Social media rules have been in the news lately with increasing frequency. On April 2, the Islamabad High Court (IHC) requested a report from the inter-ministerial committee tasked with reviewing the regulation. IHC listens to the petition filed against the implementation of the ‘Removal and blocking of online content that violates the law (Procedure, surveillance and safeguards) 2020 Rules’. This rule has caused a lot of controversy because no democratic society in the world has strict rules for blocking and removing online content deemed illegal by the government. The arbitrary manner in which the government developed and enforced these rules sparked uproar and outcry across the country from activists and media professionals. This is when PM Imran Khan forms a five-member committee under the Federal Minister for Human Rights Dr Shireen Mazari. Now the committee is supposed to submit its report with recommendations to the prime minister within a month. Although the committee has announced that it will organize public consultations with all stakeholders, it remains to be seen how such consultations take place and what mechanisms are adopted to incorporate feedback from these consultations.
We have seen before how ‘consulting’ has worked, which is why there is general skepticism surrounding this consultation as well. This consultation method does not produce a critical analysis of the problem at hand. It is important to check the objections and suggestions of stakeholders before finalizing the report. It is also important to invite members from the opposition to consultations and discuss proposed rules in parliament before finalizing them. This is very important for freedom of expression in this country.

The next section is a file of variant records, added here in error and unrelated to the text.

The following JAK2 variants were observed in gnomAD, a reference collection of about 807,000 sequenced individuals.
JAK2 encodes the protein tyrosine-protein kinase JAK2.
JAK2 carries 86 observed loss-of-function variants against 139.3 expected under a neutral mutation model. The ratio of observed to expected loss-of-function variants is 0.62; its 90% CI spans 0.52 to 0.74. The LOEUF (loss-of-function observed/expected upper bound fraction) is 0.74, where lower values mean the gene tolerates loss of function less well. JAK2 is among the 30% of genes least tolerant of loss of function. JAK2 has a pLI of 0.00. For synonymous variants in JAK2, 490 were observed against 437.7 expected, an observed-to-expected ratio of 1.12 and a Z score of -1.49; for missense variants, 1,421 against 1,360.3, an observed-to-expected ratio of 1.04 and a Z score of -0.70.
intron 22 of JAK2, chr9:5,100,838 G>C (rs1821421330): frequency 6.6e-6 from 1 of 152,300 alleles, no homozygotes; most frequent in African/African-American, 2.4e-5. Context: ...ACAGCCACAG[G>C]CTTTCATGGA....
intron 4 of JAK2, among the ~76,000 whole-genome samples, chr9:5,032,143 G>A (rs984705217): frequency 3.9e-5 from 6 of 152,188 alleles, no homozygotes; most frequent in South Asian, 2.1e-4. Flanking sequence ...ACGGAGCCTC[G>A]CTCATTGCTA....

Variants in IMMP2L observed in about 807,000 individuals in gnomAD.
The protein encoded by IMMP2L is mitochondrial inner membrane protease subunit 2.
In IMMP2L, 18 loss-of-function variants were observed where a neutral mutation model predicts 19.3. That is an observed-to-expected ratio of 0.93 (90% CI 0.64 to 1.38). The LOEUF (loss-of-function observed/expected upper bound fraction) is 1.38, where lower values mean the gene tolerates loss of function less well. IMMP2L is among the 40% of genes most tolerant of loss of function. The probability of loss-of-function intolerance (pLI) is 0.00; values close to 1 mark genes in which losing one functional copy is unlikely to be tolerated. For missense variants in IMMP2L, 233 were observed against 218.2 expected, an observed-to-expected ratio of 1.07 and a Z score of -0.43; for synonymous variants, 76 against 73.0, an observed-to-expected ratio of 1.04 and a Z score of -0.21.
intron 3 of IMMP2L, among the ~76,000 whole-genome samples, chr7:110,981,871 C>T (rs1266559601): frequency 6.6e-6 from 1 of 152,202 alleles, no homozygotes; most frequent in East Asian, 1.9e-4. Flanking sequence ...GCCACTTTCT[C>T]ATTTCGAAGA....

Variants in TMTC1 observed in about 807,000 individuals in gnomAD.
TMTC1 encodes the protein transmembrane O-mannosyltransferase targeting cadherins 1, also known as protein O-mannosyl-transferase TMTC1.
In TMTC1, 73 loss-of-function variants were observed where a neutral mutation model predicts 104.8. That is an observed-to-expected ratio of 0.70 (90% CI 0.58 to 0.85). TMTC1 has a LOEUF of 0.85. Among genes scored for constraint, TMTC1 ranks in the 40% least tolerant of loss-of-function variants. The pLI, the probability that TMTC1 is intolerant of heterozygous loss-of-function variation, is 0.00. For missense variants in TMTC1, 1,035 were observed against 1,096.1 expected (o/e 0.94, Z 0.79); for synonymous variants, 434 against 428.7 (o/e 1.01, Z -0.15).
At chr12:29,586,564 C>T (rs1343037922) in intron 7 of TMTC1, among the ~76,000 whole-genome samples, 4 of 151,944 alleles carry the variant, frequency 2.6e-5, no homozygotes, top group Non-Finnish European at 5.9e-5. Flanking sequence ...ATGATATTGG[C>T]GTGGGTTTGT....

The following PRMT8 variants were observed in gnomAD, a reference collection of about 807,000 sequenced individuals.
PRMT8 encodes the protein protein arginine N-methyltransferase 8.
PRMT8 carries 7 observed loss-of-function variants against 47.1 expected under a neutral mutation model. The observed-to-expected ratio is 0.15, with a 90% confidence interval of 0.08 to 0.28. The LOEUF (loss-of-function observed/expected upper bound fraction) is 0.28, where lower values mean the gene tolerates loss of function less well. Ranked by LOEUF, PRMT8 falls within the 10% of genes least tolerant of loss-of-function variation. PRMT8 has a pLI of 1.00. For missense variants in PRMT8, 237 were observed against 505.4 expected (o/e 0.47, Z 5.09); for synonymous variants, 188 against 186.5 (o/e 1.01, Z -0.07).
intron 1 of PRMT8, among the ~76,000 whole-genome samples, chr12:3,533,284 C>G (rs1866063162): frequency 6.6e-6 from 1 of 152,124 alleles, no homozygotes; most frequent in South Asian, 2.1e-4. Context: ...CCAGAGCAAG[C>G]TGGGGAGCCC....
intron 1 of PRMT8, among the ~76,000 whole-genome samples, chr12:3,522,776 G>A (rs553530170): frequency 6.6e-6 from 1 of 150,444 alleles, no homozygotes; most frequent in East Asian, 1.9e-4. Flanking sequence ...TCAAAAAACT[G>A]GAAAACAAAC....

The aim of democratic institutions such as the National Assembly and Senate is to provide a forum for such discussion. The government has shied away from parliamentary discussions, which are incompatible with the established democratic traditions. The government has complied with presidential regulations or issued unilateral rules. When it comes to legislation and rule-making, we need the government to seriously tackle differences of opinion. Petitioners who oppose this rule include PFUJ, which has been at the forefront of defending freedom of expression in the country. Now, the government must hold broad-based consultations and so that any rules placed on social media in Pakistan are not just a fig leaf for curbing dissent.